• Reuters, NEW YORK and LONDON

The US dollar edged down against a basket of major currencies on Friday, breaking its five-week winning streak as global risk appetite rebounded, reducing demand for the safe haven currency.

Global equity markets rallied this week as fears of a stagflationary economy were dampened by above-expected corporate profits in the United States.

Surprisingly strong US retail sales data for the past month also boosted sentiment. Retail sales rose 0.7% last month, against expectations of a 0.2% drop, helped in part by higher prices.

“The appetite for risk here remains really, really strong at the moment,” said Boris Schlossberg, managing director of currency strategy at BK Asset Management.

“It helps high beta currencies like the pound, euro and aussie, just because the market is feeling a lot more positive,” he said.

The US dollar index strengthened after the retail sales data, but then trended lower and fell 0.2% for the week, after appreciating in the five weeks previous ones.

The US dollar lost 0.1% to 93.95, after hitting a one-year high at 94.563 on Tuesday.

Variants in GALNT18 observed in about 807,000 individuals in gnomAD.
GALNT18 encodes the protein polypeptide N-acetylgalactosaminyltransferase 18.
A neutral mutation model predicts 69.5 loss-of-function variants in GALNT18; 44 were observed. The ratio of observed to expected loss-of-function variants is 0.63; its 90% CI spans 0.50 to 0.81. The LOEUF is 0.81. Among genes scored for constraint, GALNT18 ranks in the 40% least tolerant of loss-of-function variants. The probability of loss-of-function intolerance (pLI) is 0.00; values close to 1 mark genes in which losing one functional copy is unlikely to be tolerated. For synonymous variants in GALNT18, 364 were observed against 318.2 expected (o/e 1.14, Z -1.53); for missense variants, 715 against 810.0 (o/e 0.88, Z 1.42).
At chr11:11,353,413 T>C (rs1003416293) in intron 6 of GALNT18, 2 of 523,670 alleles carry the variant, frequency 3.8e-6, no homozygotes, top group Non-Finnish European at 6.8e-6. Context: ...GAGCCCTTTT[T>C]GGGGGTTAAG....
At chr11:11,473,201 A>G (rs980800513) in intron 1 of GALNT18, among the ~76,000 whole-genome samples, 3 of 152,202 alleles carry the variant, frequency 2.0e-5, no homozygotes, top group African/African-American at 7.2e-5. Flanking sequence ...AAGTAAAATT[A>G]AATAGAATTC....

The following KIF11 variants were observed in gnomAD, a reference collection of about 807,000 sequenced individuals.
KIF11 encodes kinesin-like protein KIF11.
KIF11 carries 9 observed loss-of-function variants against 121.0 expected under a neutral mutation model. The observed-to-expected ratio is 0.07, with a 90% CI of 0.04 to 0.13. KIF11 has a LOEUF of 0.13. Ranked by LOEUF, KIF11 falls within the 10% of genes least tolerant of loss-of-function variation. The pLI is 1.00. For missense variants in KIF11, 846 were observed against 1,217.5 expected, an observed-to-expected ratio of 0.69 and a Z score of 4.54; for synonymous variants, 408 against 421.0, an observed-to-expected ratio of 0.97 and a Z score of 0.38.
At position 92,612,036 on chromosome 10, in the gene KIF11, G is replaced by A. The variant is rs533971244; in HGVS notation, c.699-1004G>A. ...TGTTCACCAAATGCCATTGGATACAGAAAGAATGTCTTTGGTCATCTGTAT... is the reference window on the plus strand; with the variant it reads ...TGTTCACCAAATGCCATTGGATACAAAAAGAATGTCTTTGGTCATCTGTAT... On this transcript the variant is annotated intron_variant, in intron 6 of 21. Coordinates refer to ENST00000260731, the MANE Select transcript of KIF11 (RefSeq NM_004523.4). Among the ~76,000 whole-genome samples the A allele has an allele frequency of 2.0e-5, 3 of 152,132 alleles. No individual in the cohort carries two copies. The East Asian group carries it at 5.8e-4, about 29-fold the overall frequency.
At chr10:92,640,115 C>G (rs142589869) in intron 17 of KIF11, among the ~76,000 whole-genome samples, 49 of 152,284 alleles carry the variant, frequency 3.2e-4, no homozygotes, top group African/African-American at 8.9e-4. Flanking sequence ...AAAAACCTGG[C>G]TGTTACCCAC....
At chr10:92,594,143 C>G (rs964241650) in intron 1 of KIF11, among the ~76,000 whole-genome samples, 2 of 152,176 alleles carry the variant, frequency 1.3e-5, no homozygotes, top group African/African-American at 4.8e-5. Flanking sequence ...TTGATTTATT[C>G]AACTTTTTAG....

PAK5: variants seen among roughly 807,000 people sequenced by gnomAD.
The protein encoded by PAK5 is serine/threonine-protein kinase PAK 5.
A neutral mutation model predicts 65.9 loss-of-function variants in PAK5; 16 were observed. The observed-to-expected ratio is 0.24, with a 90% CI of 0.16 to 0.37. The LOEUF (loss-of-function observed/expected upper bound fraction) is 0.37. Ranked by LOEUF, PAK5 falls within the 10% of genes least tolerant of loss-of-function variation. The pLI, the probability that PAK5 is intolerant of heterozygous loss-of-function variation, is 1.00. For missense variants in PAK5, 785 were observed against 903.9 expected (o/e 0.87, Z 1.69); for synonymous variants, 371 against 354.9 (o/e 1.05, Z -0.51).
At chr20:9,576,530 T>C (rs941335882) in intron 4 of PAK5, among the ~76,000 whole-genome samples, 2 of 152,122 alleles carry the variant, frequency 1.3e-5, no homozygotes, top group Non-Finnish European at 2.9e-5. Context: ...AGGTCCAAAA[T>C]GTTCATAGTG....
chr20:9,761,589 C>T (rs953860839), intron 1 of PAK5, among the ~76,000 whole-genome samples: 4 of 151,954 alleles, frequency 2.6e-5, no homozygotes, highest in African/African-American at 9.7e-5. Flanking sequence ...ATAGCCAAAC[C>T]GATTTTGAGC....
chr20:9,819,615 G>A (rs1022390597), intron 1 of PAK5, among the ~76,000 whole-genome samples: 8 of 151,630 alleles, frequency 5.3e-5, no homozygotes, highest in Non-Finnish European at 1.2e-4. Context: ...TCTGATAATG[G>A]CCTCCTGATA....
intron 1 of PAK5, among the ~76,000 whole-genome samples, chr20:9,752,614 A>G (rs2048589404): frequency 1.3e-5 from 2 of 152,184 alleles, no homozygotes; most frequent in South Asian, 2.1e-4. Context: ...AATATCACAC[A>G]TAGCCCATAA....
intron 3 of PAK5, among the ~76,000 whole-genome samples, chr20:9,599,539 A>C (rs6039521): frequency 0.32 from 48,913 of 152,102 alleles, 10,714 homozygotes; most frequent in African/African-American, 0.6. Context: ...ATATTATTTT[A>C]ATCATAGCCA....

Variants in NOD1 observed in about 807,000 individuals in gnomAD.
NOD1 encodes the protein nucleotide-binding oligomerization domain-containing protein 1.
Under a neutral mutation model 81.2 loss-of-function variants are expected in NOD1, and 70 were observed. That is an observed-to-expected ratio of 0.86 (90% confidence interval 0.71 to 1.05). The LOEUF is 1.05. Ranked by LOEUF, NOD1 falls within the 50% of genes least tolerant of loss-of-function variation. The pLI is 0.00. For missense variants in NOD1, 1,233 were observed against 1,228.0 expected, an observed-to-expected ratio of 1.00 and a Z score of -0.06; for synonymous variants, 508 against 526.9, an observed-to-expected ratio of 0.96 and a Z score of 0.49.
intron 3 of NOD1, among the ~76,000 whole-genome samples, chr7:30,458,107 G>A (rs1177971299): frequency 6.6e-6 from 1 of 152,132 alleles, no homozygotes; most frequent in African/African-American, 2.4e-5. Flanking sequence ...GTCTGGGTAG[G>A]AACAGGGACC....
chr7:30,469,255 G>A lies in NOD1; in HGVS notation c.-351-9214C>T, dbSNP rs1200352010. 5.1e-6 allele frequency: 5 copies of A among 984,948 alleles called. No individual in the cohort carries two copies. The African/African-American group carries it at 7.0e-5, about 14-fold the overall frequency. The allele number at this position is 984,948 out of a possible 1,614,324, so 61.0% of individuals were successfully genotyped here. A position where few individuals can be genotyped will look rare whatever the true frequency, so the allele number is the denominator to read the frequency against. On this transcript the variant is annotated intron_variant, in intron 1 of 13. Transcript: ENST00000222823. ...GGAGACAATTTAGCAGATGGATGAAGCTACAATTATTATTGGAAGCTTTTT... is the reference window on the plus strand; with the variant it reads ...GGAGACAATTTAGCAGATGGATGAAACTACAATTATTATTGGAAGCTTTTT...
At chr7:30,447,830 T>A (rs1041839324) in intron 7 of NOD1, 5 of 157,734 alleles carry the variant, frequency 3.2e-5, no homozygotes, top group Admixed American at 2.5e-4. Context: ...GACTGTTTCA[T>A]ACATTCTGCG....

In Taipei, the New Taiwan Dollar appreciated against the greenback, gaining NT $ 0.016 to close at NT $ 28.027, little change from NT $ 28.046 last week.

The British pound rose 0.69% to US $ 1.3765, its highest since September 17, while the euro edged up 0.02% to US $ 1.1601 after touching 1.1624 US $ Thursday for the first time since September 4.

The risk-sensitive Australian dollar rose 0.01% to US $ 0.7416, after climbing to US $ 0.7439 earlier in the session. The New Zealand dollar jumped 0.42% to US $ 0.7065, extending Thursday’s 1% rise.

The Japanese yen was the biggest loser, falling to 114.46 yen to the US dollar, its lowest since October 2018.

The yen is a safe haven currency and has been hit by the rebound in sentiment, including in Asia.

The US dollar was up 0.42% against the yen at 114.15 yen.

The greenback has rallied against its major peers since the start of last month amid expectations that the U.S. central bank would tighten monetary policy faster than expected amid an improving economy and surging prices. energy prices.

The minutes of the U.S. Federal Reserve meeting last month confirmed this week that a cutback in stimulus is almost certain to begin this year, although policymakers are sharply divided over inflation and what they should do about it.

CNA Supplementary Reports, with Editor-in-Chief

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